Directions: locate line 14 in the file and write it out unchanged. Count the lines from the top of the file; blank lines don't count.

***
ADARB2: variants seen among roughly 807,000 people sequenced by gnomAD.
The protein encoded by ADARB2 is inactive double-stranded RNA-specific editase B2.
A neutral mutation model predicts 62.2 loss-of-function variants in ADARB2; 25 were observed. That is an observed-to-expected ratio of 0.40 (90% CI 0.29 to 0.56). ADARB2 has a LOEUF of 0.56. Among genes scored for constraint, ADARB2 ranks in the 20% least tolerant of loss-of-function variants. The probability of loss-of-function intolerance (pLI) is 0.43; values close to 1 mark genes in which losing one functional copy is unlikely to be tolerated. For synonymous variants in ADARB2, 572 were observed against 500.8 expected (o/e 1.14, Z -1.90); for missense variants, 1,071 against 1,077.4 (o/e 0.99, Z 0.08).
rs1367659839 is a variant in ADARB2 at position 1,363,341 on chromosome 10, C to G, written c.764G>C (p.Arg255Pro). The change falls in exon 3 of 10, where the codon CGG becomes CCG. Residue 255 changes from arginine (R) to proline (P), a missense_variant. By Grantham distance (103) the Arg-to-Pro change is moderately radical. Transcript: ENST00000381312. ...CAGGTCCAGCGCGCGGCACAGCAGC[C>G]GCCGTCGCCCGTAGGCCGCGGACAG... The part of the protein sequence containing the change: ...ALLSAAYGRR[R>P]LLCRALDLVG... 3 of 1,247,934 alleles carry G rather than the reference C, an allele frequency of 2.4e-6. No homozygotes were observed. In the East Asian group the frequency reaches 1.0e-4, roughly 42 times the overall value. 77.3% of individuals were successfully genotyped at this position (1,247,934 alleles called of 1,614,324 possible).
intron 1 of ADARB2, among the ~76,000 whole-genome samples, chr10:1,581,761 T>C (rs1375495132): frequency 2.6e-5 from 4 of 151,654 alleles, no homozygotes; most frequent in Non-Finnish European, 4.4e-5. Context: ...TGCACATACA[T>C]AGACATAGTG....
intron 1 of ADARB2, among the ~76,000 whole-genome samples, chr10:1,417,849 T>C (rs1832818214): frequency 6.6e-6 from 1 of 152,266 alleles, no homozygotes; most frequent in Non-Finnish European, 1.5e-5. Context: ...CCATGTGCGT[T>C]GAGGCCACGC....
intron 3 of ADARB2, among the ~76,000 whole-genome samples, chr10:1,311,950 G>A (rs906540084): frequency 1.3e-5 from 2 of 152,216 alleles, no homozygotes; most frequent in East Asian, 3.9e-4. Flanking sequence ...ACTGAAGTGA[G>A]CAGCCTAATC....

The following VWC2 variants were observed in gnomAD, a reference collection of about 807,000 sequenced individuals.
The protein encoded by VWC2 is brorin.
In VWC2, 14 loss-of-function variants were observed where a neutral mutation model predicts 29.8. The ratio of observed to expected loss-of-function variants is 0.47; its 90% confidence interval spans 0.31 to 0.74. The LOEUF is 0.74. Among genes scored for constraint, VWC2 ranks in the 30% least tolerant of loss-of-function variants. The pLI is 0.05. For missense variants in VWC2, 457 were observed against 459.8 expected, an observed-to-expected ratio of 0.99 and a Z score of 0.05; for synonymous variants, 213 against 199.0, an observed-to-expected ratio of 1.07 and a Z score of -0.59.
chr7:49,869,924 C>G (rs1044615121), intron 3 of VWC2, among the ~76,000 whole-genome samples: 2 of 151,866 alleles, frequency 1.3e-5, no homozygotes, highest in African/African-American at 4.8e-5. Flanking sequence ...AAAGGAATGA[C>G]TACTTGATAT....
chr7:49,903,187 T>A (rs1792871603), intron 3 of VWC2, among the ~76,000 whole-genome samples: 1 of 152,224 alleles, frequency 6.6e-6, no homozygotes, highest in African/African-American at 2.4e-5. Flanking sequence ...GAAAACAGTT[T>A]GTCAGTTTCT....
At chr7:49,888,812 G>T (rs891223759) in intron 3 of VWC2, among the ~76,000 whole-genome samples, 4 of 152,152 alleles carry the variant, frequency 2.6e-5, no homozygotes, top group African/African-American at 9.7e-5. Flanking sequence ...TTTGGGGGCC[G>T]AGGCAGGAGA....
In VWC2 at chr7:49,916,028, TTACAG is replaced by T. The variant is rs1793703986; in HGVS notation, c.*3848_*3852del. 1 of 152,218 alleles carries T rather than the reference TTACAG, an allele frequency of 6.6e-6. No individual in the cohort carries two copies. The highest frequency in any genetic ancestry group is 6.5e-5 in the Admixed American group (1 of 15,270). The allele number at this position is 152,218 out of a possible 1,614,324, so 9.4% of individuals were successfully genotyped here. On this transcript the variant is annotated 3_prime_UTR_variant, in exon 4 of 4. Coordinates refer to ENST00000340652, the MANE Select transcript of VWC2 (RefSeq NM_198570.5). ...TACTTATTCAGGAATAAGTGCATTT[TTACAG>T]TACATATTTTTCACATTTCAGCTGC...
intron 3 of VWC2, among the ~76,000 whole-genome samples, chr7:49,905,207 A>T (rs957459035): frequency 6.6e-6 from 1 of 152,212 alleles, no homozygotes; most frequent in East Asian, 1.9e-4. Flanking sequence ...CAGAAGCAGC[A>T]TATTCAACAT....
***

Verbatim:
In VWC2 at chr7:49,916,028, TTACAG is replaced by T. The variant is rs1793703986; in HGVS notation, c.*3848_*3852del. 1 of 152,218 alleles carries T rather than the reference TTACAG, an allele frequency of 6.6e-6. No individual in the cohort carries two copies. The highest frequency in any genetic ancestry group is 6.5e-5 in the Admixed American group (1 of 15,270). The allele number at this position is 152,218 out of a possible 1,614,324, so 9.4% of individuals were successfully genotyped here. On this transcript the variant is annotated 3_prime_UTR_variant, in exon 4 of 4. Coordinates refer to ENST00000340652, the MANE Select transcript of VWC2 (RefSeq NM_198570.5). ...TACTTATTCAGGAATAAGTGCATTT[TTACAG>T]TACATATTTTTCACATTTCAGCTGC...